This morning Apple announced that along with other shake-ups in top-tier Apple leadership that senior vice president of Worldwide Marketing Phil Schiller is going to be relieving Eddy Cue as head of the App Store across all of its platforms. Normally these kind of minor shifts in responsibilities isn’t that big of a deal, but there’s reasons to think this might (eventually) mean really great things for the whole family of App Stores. We’ve always heard from people very familiar with the matter that Eddy Cue was a huge reason as to why the App Store is the way it is.
When the App Store first launched it likely made tons of sense to put the guy in charge of iTunes at the helm. The iTunes Store influences are still everywhere on the App Store, from how it’s laid out to how the charts work. Hacking apps into the existing iTunes layout in 2008 was fine, as no one could have ever predicted the App Store getting as big as it has, but as the App Store went from making millions to making billions, surprisingly little has changed- Often to the detriment of the App Store as a whole, particularly when it comes to the way games are treated. Music, apps, and games are very different things, and applying a one size fits all approach to selling them all has always seemed real weird.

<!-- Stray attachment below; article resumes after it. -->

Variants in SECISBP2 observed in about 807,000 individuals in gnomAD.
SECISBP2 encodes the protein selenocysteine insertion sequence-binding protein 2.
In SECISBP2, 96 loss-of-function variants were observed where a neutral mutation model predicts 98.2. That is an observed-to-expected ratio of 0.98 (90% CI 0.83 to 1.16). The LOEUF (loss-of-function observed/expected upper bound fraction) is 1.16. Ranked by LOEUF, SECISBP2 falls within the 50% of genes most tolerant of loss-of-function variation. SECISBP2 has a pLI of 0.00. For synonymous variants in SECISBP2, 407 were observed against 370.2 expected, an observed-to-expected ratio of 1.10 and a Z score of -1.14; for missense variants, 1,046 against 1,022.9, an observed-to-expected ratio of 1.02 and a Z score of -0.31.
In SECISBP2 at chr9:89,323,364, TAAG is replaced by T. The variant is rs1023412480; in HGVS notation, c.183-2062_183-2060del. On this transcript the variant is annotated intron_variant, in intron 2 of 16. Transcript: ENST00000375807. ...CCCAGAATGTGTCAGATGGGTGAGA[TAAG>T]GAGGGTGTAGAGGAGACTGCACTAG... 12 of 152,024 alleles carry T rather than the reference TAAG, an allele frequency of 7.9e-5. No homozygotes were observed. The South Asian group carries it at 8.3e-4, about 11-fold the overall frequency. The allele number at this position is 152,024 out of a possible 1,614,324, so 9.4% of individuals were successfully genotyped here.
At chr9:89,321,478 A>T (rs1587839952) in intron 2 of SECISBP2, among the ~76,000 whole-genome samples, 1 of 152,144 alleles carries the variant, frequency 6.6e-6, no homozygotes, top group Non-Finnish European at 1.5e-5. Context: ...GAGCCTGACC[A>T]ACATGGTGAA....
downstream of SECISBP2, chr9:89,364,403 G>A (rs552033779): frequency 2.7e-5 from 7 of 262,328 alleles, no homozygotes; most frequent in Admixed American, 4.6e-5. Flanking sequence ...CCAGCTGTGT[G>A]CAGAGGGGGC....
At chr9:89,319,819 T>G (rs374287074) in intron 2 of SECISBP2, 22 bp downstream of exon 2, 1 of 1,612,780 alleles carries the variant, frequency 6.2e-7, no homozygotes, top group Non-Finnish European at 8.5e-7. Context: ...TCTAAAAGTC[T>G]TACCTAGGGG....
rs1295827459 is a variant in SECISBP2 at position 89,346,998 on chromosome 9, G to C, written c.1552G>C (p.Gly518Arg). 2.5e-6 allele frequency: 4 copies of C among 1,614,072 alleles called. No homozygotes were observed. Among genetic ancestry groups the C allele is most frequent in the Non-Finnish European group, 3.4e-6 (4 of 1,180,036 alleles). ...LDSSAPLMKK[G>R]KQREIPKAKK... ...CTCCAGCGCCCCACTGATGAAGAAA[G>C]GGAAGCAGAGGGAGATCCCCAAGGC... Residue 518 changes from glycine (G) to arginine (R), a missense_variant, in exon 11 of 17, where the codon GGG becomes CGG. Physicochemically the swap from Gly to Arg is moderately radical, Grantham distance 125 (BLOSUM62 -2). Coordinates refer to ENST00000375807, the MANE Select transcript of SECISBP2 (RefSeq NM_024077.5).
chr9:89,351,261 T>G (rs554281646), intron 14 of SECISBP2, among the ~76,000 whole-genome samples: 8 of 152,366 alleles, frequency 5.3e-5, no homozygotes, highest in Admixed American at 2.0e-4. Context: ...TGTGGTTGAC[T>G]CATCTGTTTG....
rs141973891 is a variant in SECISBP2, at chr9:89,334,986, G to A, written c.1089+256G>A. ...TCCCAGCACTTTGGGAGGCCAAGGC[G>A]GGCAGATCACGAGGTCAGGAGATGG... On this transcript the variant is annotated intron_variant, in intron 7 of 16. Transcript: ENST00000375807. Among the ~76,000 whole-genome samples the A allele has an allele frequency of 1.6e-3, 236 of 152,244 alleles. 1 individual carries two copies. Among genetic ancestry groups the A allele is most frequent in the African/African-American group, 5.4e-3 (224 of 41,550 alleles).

We’ve also heard from sources that Cue played a part in the last minute shift to make Apple TV games require the Siri remote to be allowed on the Apple TV App Store. Whenever I’ve pressed contacts as to why other similar things that don’t make a whole lot of sense are the way they are on the App Store, the answer has always been some variation of “Eddy." (Or, more recently, a joke about having Taylor Swift write a letter.)
Due to the culture of secrecy at Apple, it’s always difficult to tell how much of this is true and who is actually responsible for what, but any way you slice it having a new set of hands on the controls of the App Store can only be a good thing. Leaving Eddy Cue in charge of the iTunes Store while Phil Schiller heads up the App Store hopefully means all those iTunes holdovers and influences are going to part ways with the App Store to make it a better software platform instead of a music platform that also sells software. The only real question that remains is how long any changes Schiller will make to App Store policies take to roll out. Hopefully it isn’t long.